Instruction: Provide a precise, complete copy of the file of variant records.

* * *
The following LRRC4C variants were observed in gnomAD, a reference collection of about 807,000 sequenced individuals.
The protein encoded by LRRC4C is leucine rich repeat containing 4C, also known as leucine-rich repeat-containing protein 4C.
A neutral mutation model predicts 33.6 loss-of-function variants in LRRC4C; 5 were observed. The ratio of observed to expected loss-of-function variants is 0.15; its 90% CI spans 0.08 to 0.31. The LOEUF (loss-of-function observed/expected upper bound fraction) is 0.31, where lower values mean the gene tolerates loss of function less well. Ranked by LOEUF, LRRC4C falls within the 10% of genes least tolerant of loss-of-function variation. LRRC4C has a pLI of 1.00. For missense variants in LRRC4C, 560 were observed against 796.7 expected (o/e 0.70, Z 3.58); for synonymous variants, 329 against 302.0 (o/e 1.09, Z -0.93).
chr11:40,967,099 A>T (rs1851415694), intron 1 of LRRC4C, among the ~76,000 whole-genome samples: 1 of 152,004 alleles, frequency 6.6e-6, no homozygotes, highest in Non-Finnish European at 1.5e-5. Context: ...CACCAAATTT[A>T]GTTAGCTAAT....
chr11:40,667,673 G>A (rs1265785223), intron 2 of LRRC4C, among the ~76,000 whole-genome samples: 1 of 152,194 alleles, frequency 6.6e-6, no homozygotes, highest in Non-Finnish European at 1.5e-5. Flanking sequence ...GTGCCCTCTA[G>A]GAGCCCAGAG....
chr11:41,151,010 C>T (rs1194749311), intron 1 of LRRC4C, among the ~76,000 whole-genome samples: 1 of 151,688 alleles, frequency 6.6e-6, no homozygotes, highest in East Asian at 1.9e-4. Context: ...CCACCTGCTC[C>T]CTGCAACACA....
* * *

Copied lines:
The following LRRC4C variants were observed in gnomAD, a reference collection of about 807,000 sequenced individuals.
The protein encoded by LRRC4C is leucine rich repeat containing 4C, also known as leucine-rich repeat-containing protein 4C.
A neutral mutation model predicts 33.6 loss-of-function variants in LRRC4C; 5 were observed. The ratio of observed to expected loss-of-function variants is 0.15; its 90% CI spans 0.08 to 0.31. The LOEUF (loss-of-function observed/expected upper bound fraction) is 0.31, where lower values mean the gene tolerates loss of function less well. Ranked by LOEUF, LRRC4C falls within the 10% of genes least tolerant of loss-of-function variation. LRRC4C has a pLI of 1.00. For missense variants in LRRC4C, 560 were observed against 796.7 expected (o/e 0.70, Z 3.58); for synonymous variants, 329 against 302.0 (o/e 1.09, Z -0.93).
chr11:40,967,099 A>T (rs1851415694), intron 1 of LRRC4C, among the ~76,000 whole-genome samples: 1 of 152,004 alleles, frequency 6.6e-6, no homozygotes, highest in Non-Finnish European at 1.5e-5. Context: ...CACCAAATTT[A>T]GTTAGCTAAT....
chr11:40,667,673 G>A (rs1265785223), intron 2 of LRRC4C, among the ~76,000 whole-genome samples: 1 of 152,194 alleles, frequency 6.6e-6, no homozygotes, highest in Non-Finnish European at 1.5e-5. Flanking sequence ...GTGCCCTCTA[G>A]GAGCCCAGAG....
chr11:41,151,010 C>T (rs1194749311), intron 1 of LRRC4C, among the ~76,000 whole-genome samples: 1 of 151,688 alleles, frequency 6.6e-6, no homozygotes, highest in East Asian at 1.9e-4. Context: ...CCACCTGCTC[C>T]CTGCAACACA....